I am intrigued and terrified to see how I’ll develop this idea. I also believe in connections, serendipity and chance. Maybe it’s time for me to face the fears and the ghosts of what I think I left behind but I’m still dragging around.
Jonathan then spoke about my previous work with the artists’ portraits and asked a question about what’s next/what’s more (something like that, I don’t remember the specific question as I suspect it was intentionally cryptic). During my admission interview, I mentioned my interest in investigating further the concept of portraiture and potentially turning my focus on a self-portrait.
Can the persona project evolve into a self-portrait project? What would my portrait look like? That’s maybe a project for the end of the course…It’s hard to project myself two years or more from now. But I sure can start experimenting on it. Let’s see where it leads.
If the lens is my language, what does this persona look like? What universe do they inhabit? How do they express themselves? What would an interview be conducted? Where am I in the making of this portrait?
If I enter the space of the portrait, the image is the image of a double. The lens becomes a sort of mirror, as I am both the subject and the object. There’s something in there.
It feels like pieces are being joint together outside of my control. Unexpected. Mysterious. Intriguing. Fun?
Overall, during the tutorial, I feel that in some moments I fell into a performance trap and vomited a thousand words; I wish I had more time to listen and dialogue with Jonathan. But I also found this tutorial very useful to regain focus on the direction I’m taking and on the ways I can make things happen.
Jonathan reminded me that this course is based on process. No one is expecting or demanding me to get to the end with 10 pieces (although I would like that!). Last question: When you work well – what is it like?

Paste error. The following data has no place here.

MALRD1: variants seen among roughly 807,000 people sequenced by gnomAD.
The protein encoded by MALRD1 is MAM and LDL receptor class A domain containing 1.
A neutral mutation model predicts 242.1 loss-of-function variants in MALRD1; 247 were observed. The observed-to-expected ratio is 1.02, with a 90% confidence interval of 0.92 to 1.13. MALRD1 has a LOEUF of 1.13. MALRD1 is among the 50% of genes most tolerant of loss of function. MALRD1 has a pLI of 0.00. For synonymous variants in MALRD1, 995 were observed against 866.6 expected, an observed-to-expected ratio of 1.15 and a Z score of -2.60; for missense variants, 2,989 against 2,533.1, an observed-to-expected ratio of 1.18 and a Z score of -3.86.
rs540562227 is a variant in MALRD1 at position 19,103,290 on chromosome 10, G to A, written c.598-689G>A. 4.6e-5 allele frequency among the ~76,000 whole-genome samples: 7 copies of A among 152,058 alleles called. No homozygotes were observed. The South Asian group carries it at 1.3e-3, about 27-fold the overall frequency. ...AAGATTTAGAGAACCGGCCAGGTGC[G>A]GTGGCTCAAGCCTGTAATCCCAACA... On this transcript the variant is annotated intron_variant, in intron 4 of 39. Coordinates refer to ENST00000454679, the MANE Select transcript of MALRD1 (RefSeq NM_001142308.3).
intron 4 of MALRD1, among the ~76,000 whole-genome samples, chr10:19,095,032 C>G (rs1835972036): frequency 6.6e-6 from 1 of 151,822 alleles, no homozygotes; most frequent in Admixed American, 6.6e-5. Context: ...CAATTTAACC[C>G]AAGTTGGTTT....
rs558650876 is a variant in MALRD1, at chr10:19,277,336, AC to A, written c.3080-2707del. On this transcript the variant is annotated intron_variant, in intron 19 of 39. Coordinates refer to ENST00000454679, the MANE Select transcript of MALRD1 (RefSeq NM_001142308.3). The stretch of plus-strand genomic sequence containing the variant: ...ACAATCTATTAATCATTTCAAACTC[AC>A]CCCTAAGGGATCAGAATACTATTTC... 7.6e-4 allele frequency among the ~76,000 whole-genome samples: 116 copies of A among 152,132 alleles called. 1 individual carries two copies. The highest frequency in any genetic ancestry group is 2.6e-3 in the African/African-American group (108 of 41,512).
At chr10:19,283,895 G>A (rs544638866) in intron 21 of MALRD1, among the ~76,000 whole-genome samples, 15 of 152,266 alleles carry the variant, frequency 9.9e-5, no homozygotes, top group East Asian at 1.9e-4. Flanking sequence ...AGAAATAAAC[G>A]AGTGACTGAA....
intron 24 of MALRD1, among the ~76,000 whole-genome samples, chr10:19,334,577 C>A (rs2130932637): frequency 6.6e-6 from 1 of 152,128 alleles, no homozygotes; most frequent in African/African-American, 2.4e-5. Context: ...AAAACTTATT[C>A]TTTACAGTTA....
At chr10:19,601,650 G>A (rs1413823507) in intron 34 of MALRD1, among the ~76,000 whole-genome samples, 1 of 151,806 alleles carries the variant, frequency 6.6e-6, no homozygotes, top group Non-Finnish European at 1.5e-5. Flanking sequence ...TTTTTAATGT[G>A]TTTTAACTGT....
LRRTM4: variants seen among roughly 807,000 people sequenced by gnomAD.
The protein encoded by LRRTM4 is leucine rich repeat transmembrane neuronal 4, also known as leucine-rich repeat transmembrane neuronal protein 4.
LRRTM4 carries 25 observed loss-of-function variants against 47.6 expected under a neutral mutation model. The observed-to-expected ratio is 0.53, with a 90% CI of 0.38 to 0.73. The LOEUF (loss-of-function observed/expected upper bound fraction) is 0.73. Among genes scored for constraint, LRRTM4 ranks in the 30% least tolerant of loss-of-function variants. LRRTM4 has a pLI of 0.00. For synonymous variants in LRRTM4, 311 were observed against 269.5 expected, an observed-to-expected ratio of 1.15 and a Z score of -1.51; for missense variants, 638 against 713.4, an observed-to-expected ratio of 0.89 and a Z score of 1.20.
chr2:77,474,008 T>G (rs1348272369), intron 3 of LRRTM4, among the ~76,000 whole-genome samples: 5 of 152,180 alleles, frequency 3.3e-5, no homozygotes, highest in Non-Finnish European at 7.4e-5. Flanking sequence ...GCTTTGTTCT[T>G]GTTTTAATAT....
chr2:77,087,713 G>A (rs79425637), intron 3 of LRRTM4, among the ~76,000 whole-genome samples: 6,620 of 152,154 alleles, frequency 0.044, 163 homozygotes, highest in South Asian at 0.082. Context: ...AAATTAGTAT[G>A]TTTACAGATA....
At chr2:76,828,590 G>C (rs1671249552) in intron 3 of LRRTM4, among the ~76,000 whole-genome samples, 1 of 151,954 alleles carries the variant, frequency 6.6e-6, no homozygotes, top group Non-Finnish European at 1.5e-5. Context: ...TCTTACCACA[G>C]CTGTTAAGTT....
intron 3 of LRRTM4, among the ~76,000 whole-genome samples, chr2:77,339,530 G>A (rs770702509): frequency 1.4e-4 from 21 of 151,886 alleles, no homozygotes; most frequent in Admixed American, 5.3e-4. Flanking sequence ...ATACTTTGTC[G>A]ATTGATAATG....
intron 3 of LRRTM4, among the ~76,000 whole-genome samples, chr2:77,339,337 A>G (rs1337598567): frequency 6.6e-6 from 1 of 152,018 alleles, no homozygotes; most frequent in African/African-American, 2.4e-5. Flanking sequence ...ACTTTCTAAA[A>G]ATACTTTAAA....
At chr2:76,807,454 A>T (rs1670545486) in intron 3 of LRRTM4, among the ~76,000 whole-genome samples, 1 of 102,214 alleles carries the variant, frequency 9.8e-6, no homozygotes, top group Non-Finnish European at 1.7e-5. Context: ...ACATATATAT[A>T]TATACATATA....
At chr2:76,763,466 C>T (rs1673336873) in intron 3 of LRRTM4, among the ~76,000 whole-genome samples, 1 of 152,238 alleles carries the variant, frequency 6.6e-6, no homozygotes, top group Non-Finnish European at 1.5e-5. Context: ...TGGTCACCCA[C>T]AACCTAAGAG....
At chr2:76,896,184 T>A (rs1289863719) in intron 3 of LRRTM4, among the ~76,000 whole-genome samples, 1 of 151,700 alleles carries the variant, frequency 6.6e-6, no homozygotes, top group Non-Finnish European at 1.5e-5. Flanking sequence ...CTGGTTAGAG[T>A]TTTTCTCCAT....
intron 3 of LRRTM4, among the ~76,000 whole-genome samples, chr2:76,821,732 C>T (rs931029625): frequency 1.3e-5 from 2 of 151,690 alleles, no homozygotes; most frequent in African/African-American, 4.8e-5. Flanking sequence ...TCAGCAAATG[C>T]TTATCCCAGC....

I work well when I believe in something. When I feel I have a clear goal or objective, I become unstoppable. I am not good at multitasking, but I have a very high capacity to focus on one thing, if I believe in it. To the point that everything else becomes secondary.
Exploring the territory of the unknown can be an objective.
If part of me is not 200% convinced, I tend to get lost easily in ideas and not take them till the end. I start something, then change my mind, then start something else, then get frustrated and drop everything - multitasking mode, overload, system crash.
Maybe if I set smaller goals, daily goals, timed goals, it could help me keep the focus on what I’m doing and actually finish things, take them to a deeper level. Start with one, trust the process, and grow exponentially.
I need to create my own rituals to access creative space.
I work at my best:
When I believe in something -> leap of faith (possible exercise – act as if)
When I feel I have a clear goal -> change needed to favour process – set shorter goals and focus periods and follow them When I feel supported–> change needed (needing support is not praise seeking)
When I work with people -> to be extended (see support above)
When I am pressured -> urgency good. Performative pressure bad
When I am healthy (physical/spiritual routine prepares me for a work session) -> to be extended When I have fun -> to be reminded every day!
Obstacles of which I am aware:
focus on achieving, producing, delivering, performing, not deceiving (others and myself), are the source of fears and insecurity and an impediment to my creative practice.
- Develop my personal artistic language through lenses (literally and metaphorically)
- Explore deeper the practice of experimentation and challenge myself to work well without setting a predefined result
- Create my own ritual
- Experiment constructing a persona
- Research and inspiration (get better at navigating the library!)
- Trust the process. Don’t think, DO